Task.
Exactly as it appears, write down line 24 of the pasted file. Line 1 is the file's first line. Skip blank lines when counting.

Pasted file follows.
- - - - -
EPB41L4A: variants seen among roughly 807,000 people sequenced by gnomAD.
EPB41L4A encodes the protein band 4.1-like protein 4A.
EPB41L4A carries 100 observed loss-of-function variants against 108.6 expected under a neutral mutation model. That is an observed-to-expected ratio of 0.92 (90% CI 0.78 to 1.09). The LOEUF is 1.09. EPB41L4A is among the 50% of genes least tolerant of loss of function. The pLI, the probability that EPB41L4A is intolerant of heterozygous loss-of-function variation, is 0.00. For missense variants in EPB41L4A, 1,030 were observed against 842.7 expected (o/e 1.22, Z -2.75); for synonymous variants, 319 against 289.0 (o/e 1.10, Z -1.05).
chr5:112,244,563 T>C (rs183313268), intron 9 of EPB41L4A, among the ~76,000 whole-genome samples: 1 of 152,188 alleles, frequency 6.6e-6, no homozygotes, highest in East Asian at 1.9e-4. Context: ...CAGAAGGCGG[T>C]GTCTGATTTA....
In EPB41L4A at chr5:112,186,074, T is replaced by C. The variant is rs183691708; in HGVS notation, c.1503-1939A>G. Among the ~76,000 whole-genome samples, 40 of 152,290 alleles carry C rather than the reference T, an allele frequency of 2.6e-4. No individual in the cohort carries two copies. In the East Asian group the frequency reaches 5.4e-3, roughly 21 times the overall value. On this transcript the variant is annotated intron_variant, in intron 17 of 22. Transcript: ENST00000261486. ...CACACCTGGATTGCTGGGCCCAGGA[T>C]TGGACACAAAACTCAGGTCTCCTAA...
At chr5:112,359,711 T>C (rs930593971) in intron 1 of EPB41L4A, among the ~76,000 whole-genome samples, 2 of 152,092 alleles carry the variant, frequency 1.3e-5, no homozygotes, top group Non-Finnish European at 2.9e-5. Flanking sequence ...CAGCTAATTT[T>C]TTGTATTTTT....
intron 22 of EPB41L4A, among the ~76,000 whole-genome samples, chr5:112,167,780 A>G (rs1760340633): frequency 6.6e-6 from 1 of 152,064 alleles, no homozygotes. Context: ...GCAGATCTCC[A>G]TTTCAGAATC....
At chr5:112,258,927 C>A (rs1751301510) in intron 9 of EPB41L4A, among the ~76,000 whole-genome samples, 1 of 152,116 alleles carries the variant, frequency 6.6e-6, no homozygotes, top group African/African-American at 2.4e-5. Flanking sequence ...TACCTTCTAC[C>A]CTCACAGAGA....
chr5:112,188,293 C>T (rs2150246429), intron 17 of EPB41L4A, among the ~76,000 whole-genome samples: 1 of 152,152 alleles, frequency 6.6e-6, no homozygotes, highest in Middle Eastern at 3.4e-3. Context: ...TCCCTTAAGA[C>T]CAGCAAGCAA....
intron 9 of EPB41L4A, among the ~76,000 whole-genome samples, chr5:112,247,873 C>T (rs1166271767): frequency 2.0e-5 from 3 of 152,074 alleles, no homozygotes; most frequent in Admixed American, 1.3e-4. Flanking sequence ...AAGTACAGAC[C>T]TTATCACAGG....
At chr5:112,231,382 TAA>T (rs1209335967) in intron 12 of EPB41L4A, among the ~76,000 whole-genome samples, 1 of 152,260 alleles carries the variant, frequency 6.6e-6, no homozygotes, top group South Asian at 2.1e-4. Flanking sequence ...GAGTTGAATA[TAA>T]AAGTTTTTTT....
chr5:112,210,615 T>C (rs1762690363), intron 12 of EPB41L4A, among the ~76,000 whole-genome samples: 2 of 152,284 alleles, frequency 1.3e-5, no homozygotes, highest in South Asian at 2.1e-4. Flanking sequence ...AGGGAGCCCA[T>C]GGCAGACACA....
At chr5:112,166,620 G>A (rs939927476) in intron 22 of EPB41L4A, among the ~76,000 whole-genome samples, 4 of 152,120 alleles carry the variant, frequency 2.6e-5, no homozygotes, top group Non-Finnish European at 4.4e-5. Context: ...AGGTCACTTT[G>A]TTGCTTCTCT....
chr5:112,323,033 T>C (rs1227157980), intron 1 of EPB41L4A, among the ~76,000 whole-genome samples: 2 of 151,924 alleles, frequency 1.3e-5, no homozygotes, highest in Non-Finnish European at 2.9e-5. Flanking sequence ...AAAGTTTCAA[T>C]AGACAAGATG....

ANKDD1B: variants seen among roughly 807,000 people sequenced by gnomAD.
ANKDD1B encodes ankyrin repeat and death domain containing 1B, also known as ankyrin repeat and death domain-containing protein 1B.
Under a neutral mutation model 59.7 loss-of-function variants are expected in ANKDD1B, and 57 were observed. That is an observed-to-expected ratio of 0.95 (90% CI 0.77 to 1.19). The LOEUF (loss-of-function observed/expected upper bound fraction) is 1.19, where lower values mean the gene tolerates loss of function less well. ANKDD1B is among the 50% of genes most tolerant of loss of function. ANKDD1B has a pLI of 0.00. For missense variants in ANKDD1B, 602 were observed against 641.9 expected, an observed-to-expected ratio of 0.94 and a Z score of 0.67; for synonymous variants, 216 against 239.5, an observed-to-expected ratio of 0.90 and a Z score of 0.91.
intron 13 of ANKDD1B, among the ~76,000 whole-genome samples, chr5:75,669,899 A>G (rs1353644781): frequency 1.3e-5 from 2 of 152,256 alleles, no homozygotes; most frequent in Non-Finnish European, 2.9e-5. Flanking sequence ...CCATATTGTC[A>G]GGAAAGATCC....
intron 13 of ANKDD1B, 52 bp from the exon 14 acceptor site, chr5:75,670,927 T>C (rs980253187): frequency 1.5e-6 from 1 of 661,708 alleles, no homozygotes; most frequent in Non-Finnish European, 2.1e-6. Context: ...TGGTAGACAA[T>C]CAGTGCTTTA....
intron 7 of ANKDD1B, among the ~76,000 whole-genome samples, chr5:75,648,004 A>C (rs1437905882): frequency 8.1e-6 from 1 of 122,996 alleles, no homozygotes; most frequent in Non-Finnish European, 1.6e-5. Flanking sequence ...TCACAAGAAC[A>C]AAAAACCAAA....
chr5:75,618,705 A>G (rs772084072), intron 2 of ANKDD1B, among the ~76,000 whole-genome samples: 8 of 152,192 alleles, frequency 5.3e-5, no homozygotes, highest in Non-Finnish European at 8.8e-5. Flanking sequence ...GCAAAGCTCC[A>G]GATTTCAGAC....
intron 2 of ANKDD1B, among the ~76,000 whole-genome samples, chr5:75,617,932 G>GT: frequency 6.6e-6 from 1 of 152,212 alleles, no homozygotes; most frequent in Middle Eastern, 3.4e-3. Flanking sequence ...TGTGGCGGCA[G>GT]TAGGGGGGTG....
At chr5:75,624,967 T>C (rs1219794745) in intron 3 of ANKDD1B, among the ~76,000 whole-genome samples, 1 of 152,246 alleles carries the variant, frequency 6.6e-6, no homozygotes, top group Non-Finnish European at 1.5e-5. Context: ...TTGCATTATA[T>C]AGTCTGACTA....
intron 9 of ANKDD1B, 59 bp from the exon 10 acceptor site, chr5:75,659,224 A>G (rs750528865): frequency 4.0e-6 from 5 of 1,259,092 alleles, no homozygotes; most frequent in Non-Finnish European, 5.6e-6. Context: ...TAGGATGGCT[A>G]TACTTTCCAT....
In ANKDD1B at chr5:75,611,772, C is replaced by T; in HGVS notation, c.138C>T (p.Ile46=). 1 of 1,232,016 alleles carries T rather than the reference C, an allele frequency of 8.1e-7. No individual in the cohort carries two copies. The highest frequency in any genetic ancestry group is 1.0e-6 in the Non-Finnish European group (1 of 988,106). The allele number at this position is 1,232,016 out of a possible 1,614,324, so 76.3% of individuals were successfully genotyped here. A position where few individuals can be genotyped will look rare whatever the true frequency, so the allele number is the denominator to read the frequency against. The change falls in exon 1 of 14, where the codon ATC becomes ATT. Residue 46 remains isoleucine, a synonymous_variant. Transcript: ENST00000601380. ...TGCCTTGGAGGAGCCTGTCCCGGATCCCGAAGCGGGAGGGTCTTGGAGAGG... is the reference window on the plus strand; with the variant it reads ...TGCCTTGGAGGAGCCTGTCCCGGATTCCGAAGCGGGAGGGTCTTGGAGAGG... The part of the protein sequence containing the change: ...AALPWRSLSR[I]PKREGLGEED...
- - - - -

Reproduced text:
intron 9 of ANKDD1B, 59 bp from the exon 10 acceptor site, chr5:75,659,224 A>G (rs750528865): frequency 4.0e-6 from 5 of 1,259,092 alleles, no homozygotes; most frequent in Non-Finnish European, 5.6e-6. Context: ...TAGGATGGCT[A>G]TACTTTCCAT....